Iron Thunder by Avi

Subtitle: The Battle Between the Monitor & the Merrimac

Published: 2007

Genre: children’s historical fiction

Length: 208 pages

Setting: Brooklyn, 1862

Interest: It’s the first book we’re reading for our American History Club while we focus on the Civil War.

Summary: Tom is a young boy, living in Brooklyn, NY during the Civil War. His fathers died fighting in the war, and he has to go to work in order to support his family. He finds a job working in the Brooklyn Naval Yards on the Monitor, the first iron-clad ship that’s being built to fight the Confederate-built Merrimac. No-one believes it will float, let alone fight. Tom ends up as a runner for Captain Ericsson, who has designed the ship and is overseeing its construction, so he’s able to follow all the details of the construction. He gets into trouble when a Copperhead (a Confederate spy) targets him for details on the ship. Instead of spilling secrets, Tom signs up on the crew of the Monitor and helps in the fight against the Merrimac.

Final thoughts: An excellent book. It’s written in a very conversational tone that puts you right in the main character’s shoes. Actual illustrations and photographs from that time period helped put me in the time period. In fact, there were several times I wondered if it was a nonfiction story because of all the detail. (Based on the author’s note, Tom is a fictionalized amalgamation of several people who were involved in the project.) There’s plenty of tension (will the ship actually sail? How will Tom avoid the Copperheads?) and action as the Monitor fights the Merrimac, but it is all child-appropriate. I highly recommend the story for any kid who’s interested in the Civil War or naval battles.

Title comes from: The Monitor was one of the first iron-clad ships (along with the Merrimac) and when the two ships battled, the cannons striking each other were like thunder.

Reading challenges fulfilled: 32/100 in my 100 Book Challenge, and an A in my Alphabet Soup Author Challenge

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The Windup Girl by Paolo Bacigalupi

Published: 2009

Genre: post-apocalyptic science fiction

Length: 359 pages

Setting: Bangkok, Thailand, near future

Interest: I read a summary of the book and was intrigued.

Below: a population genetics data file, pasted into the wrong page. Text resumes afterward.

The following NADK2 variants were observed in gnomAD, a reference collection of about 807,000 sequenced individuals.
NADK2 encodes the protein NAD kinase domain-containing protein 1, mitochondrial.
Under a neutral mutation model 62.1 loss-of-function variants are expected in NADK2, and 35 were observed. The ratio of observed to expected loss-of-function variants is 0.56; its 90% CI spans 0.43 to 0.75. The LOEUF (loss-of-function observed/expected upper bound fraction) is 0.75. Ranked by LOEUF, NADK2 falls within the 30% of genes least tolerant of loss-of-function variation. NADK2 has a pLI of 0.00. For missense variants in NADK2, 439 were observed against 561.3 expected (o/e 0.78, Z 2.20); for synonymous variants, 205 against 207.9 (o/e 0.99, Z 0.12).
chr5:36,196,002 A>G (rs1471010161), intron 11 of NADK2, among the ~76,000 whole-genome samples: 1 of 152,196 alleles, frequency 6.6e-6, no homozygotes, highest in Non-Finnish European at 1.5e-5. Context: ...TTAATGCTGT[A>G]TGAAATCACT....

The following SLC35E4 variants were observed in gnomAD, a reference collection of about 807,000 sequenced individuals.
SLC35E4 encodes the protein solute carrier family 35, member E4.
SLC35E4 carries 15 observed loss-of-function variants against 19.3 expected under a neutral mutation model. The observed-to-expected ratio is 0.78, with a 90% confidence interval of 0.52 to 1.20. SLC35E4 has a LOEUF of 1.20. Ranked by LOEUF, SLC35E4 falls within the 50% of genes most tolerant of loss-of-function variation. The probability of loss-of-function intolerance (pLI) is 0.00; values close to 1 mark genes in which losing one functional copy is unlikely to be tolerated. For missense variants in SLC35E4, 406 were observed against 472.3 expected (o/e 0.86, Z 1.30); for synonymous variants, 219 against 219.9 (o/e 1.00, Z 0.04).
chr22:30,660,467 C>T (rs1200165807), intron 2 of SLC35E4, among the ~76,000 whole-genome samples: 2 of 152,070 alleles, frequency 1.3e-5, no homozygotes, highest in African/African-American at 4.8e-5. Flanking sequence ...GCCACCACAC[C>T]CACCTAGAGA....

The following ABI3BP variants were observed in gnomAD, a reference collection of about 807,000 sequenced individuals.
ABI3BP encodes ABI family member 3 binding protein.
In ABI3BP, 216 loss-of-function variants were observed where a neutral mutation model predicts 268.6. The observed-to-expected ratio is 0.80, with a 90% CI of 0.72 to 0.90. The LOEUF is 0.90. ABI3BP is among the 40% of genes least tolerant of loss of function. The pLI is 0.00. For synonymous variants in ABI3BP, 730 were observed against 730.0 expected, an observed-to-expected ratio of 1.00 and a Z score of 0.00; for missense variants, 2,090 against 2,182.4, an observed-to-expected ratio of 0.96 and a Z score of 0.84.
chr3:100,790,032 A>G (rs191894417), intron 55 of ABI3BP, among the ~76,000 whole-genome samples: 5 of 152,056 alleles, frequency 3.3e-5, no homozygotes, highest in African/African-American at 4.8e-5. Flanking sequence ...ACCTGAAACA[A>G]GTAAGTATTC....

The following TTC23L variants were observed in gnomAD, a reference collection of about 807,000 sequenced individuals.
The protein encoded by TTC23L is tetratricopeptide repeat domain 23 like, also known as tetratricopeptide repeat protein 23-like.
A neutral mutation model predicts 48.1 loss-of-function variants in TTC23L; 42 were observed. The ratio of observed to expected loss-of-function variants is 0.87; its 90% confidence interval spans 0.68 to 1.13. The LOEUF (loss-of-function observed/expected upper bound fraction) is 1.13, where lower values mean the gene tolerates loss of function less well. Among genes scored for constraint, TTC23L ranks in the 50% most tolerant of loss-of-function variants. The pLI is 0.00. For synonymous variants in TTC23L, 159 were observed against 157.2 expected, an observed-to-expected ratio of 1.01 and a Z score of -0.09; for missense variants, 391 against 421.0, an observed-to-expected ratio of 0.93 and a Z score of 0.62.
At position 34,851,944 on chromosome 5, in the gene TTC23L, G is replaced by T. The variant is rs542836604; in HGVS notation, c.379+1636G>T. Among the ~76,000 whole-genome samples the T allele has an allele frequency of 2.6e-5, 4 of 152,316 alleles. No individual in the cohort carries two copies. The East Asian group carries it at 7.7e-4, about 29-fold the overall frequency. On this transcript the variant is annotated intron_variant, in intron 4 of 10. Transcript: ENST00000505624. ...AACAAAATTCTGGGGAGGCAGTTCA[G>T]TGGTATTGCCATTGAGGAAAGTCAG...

Summary: Anderson Lake is a calorie man, employed by AgriGen, and in Thailand under false pretenses. Officially, he’s in charge of a kink spring factory using a new algae bath to crank more joules into the springs, but he’s really on the look-out for resurrected fruit in the Thai markets. He also crosses paths with Emiko, a New Person from Japan left her by her master. Emiko has no rights in Thailand and is in danger of being mulched if she doesn’t satisfy the owner of the brothel she works in. We also follow Jaidee and Kanya, policemen in the Environmental Ministry trying to keep out new diseases from ravaging the crops and people of Thailand. The Environmental Ministry works in opposition to the Ministry of Trade, who is trying to open their borders more. It all comes to a head when Emiko kills several important Thai officials after they abuse her and Trade uses that opportunity to make a move against the Environmental Ministry.

Final thoughts: Bacigalupi provides a fascinating post-apocalyptic world dominated by rapidly mutating engineered pathogens that humans are barely able to stay ahead of. You’re thrown into the aftermath of the apocalypse and have to piece together the details of how things have changed. It takes a bit of time to immerse yourself in that world, but Bacigalupi does a great job putting the reader in a future Earth that is completely possible. Even with all the changes, there are still many elements of our world left in this future – slums, refugees, people trying to get ahead just a bit. He also provided just enough details on the apocalypse (there’s a strong thread of genetics in the story) to make it believable, but not so much that you would pick apart the science.